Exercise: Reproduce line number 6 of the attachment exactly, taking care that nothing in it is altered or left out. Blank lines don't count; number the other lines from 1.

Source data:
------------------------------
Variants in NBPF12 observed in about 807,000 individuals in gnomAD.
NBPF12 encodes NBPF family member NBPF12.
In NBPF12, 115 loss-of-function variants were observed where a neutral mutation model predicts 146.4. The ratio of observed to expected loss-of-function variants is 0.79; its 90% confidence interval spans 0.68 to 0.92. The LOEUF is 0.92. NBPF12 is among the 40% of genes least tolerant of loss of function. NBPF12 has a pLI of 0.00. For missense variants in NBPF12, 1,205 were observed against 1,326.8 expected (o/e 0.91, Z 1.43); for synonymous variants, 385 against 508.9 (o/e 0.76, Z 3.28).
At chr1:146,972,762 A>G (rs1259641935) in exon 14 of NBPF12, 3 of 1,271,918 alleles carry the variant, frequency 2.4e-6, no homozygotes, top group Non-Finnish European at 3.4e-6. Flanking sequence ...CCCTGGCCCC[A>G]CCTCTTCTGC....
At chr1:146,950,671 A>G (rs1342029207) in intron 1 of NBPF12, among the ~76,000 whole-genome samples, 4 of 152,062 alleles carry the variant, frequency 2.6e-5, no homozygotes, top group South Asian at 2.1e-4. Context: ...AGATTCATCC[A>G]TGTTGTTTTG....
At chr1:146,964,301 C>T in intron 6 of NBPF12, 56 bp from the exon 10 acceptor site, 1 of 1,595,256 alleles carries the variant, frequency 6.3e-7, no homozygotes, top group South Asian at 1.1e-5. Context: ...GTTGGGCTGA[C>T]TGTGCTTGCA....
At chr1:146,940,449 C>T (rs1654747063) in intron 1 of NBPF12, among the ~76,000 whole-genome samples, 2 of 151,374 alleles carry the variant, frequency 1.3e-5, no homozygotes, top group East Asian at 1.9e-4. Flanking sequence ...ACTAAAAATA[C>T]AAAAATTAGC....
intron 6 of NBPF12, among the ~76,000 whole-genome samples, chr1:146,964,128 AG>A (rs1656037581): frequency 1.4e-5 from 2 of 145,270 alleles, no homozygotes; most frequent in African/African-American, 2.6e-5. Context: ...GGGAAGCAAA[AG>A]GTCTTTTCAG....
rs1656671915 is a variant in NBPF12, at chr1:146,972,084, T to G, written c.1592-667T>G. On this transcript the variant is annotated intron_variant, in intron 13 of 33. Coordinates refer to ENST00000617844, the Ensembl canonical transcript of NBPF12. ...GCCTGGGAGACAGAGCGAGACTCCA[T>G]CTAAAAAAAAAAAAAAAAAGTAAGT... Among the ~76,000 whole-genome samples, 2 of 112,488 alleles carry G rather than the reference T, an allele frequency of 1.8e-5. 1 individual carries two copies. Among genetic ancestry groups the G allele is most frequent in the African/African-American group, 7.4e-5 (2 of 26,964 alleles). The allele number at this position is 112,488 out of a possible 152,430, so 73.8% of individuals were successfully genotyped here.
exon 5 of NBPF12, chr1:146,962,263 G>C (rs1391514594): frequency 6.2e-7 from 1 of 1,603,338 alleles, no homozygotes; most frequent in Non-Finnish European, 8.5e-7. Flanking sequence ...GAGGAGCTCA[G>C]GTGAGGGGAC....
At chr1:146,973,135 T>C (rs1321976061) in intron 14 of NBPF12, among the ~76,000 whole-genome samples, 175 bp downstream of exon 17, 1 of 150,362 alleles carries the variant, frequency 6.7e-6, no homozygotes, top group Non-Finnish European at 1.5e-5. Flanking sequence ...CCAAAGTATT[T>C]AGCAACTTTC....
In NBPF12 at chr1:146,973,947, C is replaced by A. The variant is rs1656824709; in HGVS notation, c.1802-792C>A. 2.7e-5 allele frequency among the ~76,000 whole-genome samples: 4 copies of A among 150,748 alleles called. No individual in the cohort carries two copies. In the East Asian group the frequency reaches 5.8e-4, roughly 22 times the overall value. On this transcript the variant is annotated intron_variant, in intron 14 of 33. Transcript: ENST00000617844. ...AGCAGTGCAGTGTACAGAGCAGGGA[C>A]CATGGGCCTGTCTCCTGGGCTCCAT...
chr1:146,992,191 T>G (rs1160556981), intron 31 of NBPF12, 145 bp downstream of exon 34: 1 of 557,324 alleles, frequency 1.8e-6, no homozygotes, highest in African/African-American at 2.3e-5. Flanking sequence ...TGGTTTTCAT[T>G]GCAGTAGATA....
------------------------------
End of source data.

At chr1:146,964,301 C>T in intron 6 of NBPF12, 56 bp from the exon 10 acceptor site, 1 of 1,595,256 alleles carries the variant, frequency 6.3e-7, no homozygotes, top group South Asian at 1.1e-5. Context: ...GTTGGGCTGA[C>T]TGTGCTTGCA....